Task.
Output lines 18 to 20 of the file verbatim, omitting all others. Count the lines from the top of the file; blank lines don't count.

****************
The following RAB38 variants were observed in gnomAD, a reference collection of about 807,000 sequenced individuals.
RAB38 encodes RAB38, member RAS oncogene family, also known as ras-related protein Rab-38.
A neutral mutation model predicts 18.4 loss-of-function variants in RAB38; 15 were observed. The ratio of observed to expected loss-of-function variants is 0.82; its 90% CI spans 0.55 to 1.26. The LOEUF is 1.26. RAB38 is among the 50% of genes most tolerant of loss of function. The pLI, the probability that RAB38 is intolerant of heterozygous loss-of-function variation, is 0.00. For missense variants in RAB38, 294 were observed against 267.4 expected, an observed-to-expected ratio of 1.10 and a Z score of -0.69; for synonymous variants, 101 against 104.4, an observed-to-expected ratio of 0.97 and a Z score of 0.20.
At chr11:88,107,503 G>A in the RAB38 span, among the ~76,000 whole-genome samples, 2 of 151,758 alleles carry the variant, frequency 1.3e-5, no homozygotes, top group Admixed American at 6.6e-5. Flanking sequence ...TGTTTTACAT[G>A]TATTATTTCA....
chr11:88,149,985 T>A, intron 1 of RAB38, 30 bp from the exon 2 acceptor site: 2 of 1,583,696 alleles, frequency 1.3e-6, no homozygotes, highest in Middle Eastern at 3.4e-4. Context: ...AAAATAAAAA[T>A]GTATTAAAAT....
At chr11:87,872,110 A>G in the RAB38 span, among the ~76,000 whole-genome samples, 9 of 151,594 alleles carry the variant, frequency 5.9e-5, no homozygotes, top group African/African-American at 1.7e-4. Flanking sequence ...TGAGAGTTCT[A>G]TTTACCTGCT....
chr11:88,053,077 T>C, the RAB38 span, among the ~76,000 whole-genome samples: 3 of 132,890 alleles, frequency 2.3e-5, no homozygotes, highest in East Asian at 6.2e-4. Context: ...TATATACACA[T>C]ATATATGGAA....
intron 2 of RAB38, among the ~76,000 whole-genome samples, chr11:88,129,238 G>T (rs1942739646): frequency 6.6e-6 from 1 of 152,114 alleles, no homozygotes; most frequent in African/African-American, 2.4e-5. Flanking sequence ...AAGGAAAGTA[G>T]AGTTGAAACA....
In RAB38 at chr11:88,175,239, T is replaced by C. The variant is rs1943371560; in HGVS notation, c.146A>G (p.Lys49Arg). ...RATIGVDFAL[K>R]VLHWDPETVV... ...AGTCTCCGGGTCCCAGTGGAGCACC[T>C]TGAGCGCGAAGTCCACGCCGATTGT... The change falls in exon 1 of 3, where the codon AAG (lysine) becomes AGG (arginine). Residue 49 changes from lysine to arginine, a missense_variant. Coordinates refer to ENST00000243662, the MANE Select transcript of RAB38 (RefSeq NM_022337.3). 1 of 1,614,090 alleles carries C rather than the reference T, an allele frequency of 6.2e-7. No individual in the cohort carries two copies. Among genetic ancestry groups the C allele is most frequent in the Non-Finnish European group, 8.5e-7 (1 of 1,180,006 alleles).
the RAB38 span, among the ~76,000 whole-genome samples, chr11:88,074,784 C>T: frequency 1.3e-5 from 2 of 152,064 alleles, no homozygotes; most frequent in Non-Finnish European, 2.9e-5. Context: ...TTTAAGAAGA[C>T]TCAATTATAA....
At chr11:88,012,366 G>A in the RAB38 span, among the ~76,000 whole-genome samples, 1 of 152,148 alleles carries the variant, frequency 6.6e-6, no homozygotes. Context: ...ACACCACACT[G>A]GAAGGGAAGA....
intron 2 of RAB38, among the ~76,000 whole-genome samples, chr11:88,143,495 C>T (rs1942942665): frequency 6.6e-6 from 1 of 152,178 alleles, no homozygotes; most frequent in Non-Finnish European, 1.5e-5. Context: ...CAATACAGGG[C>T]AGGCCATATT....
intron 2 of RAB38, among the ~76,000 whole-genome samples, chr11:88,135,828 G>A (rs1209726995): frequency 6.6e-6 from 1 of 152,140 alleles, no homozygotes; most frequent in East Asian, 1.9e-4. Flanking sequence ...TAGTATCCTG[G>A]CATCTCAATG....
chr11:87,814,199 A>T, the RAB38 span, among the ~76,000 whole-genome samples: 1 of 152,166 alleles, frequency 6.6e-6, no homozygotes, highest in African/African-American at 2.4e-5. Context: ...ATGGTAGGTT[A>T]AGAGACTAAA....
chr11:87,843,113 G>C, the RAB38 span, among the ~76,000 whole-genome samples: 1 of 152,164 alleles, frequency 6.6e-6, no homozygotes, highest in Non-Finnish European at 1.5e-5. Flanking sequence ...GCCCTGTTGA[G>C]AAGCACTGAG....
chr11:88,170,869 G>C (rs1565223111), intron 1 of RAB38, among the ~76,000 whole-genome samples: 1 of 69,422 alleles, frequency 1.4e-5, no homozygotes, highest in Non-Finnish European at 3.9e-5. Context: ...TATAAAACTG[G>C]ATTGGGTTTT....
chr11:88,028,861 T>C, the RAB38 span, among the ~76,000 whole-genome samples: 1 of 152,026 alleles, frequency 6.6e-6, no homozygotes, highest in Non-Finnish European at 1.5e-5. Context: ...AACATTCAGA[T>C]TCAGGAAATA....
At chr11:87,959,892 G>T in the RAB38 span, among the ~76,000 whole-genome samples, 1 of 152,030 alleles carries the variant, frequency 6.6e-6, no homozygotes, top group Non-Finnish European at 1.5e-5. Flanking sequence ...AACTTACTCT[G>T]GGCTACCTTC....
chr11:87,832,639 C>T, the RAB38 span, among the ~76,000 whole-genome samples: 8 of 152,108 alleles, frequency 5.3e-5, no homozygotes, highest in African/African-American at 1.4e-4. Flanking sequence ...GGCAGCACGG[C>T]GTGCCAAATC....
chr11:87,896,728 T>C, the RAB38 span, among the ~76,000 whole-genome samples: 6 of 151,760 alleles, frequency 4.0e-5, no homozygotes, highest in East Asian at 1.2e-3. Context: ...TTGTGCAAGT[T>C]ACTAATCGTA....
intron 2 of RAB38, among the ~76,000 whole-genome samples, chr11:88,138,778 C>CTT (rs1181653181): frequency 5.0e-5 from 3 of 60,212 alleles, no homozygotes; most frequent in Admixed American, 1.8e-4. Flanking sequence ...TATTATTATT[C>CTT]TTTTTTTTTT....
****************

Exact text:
At chr11:87,959,892 G>T in the RAB38 span, among the ~76,000 whole-genome samples, 1 of 152,030 alleles carries the variant, frequency 6.6e-6, no homozygotes, top group Non-Finnish European at 1.5e-5. Flanking sequence ...AACTTACTCT[G>T]GGCTACCTTC....
chr11:87,832,639 C>T, the RAB38 span, among the ~76,000 whole-genome samples: 8 of 152,108 alleles, frequency 5.3e-5, no homozygotes, highest in African/African-American at 1.4e-4. Flanking sequence ...GGCAGCACGG[C>T]GTGCCAAATC....
chr11:87,896,728 T>C, the RAB38 span, among the ~76,000 whole-genome samples: 6 of 151,760 alleles, frequency 4.0e-5, no homozygotes, highest in East Asian at 1.2e-3. Context: ...TTGTGCAAGT[T>C]ACTAATCGTA....